Tranquil waves crash along the shore in the humble town of Lawaan, a coastal community
along the shoreline of the Leyte Gulf. where people mostly rely on the sea for their livelihood. Houses of different shapes and sizes dot the coastline and surround the national road; one which stretches along the whole locality. Fishing and small-scale trade serve as their primary sources of income, along with other small retail and business establishments.
One of these local entrepreneurs is Eva Lozada, a barangay health worker in the community of Guinob-an, who owns a sari-sari store and ready-to-wear clothes stand in front of her house. Her husband, on the other hand, works as a tricycle driver. Both strive to earn a decent living for their family while taking care of their nine children. Albeit the apparent poverty and dearth in their area, Eva is hopeful that she and her family will be able to weather any storm that life brings them.
Having weathered the most dreadful cataclysm to strike their community, Eva now considers herself more resilient, as her passion for Disaster Risk Reduction and Management (DRRM) grows ever stronger. Now that almost three years had passed, Eva remembers how their peaceful town was ravaged by Typhoon Yolanda, and how she and her family managed to survive the most harrowing storm in their lifetime.
“Dida na han nag uukab-ukab na tam atop, namalhin kami ha day care. Kinanhi nam ha day care, kinmusog an hangin, dinhi la gihap kami parumpagi han hollow blocks” (When our roof started shaking, we transferred to the day care [center]. Once we reached the day care [center], the winds became stronger, causing the hollow blocks to collapse on us), she said. Eva describes the experience as “makaharadlok nga di maintindihan” (terrifying in a way that can’t be understood), and this ultimately compelled her learn more about DRRM.
Opportunely, the immense damage and destruction wrought by the super-typhoon paved the way for local and international civil society organizations (CSOs) to provide not only financial assistance and aid, but also various capacity-building initiatives relevant to DRRM. Having gained a newfound sense of awareness and vigilance toward disasters, Eva actively participated and attended these training sessions together with her fellow barangay members. Most of these trainings, according to the barangay council, became a bit too arduous for the local stakeholders because of the sudden spate of these activities.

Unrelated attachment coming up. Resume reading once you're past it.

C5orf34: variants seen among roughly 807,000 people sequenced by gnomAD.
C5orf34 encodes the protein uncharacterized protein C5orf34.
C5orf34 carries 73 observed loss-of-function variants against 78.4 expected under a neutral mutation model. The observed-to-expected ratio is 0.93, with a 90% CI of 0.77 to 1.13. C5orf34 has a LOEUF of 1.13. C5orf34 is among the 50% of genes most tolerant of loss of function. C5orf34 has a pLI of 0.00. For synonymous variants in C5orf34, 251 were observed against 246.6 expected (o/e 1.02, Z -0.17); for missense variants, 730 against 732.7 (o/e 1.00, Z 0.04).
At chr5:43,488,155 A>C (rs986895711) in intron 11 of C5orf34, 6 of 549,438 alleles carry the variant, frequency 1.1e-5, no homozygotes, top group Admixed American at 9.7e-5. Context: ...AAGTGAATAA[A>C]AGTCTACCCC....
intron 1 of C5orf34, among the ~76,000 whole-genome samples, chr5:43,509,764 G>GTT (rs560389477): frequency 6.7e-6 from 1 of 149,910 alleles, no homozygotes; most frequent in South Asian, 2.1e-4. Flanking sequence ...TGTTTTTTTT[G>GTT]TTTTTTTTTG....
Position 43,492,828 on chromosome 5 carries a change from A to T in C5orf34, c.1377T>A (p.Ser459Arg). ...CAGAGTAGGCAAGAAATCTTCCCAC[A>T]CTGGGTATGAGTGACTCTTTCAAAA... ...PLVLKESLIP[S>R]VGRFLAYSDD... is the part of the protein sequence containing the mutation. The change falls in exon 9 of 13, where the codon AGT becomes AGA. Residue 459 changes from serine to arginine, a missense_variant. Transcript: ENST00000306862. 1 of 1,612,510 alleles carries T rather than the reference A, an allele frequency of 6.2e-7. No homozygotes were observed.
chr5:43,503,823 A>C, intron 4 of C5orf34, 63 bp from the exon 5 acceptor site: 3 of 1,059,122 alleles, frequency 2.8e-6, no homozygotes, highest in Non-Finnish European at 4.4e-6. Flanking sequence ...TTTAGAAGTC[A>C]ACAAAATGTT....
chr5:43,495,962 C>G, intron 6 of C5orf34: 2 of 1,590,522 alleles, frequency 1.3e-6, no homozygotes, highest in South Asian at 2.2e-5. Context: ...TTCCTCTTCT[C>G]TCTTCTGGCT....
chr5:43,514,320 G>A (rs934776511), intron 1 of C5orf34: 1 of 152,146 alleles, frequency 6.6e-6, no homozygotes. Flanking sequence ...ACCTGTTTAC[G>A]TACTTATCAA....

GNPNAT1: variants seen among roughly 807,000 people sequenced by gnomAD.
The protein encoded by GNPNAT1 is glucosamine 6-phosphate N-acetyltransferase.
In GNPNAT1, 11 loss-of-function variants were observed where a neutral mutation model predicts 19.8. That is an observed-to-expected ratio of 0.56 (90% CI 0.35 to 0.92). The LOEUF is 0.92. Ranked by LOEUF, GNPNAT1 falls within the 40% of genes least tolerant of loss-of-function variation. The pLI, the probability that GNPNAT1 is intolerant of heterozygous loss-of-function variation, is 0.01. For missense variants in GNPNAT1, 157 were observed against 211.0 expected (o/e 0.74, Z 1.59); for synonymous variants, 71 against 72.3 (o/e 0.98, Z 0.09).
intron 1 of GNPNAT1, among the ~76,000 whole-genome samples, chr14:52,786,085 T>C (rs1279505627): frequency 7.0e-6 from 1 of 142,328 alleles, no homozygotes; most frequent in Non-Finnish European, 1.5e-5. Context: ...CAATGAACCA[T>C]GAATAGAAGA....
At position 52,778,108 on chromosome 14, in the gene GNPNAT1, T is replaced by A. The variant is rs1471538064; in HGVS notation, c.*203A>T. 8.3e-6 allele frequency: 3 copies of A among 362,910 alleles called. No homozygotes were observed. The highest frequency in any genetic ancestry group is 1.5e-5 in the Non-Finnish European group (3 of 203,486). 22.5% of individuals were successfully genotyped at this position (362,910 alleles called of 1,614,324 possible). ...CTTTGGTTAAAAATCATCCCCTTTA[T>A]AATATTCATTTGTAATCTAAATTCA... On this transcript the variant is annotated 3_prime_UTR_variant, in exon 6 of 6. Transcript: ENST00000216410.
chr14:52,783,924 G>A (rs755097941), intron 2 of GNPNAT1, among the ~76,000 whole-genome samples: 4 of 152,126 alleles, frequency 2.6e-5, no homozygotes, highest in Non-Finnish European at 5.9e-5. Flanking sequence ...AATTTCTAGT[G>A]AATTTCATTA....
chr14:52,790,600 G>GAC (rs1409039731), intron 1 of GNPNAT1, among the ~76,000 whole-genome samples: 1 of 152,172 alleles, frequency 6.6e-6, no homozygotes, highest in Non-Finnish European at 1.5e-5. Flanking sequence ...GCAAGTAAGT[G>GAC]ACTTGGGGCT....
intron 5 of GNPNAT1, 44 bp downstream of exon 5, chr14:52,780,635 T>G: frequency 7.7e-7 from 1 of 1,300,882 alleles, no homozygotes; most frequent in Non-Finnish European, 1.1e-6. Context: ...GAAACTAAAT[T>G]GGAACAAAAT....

Above all these initiatives, Eva noted that only the project implemented by the Center for Disaster Preparedness (CDP) and Arbeiter-Samariter-Bund (ASB) entitled “Persons with Disabilities: Empowered, Engaged” was able to empower local residents to actively engage and get involved in vital planning and decision-making processes. She said, “Nag e-enjoy pag attend ngan nadudugangan an ak pahibaro. Mayda [iba nga training], pero mga civilian man la kami, di kami ginpapa attend. An mga barangay official la an gin papa attend,” (I enjoy attending [these trainings] and it adds to my knowledge. There are other [trainings], but since we’re just ordinary civilians, they don’t let us attend. They only let barangay officials attend.)
Now more empowered to partake in the affairs of the barangay, Eva is even more convinced that her active participation is key toward the resilience of her community. This has not only resonated in her work, but also in their household, where go-bags are now a basic staple. Most of all, she says that the greatest change in her and her neighbors is the improvement in their confidence, enhanced by their dynamic participation in CDP and ASB’s Community-Based Disability-inclusive DRRM trainings.
Beyond this, Eva noted that the project’s special focus on persons with disabilities achieved milestone unlike any other, as it empowered not only the at-risk sectors of their community but also devoted more attention to the plight of the differently-abled. According to her, the project enlightened everyone that whether they’re a mother, a father, child, older person, or person with disability, they have fundamental role to play in their community’s journey toward disaster safety and resilience.
With the lessons of the project now etched in her heart and mind, Eva says, “Yan baga may kapas kami. Bisan la kami sugad na mga civilian la, may kapas kami pag atubang ha sugad ha iyo. An am pagkaintindi han una, an mga barangay official la an puydi umatubang ha iyo. Diri ngani ak maaram kun ano an DRRM han una! Yana, maaram na.” (Now, it’s like we have a sense of worth. Even if we’re just civilians, we have what it takes to face other people. Before, we thought only barangay officials could teach about things like DRRM. I didn’t even know what DRRM was before! Now, I do).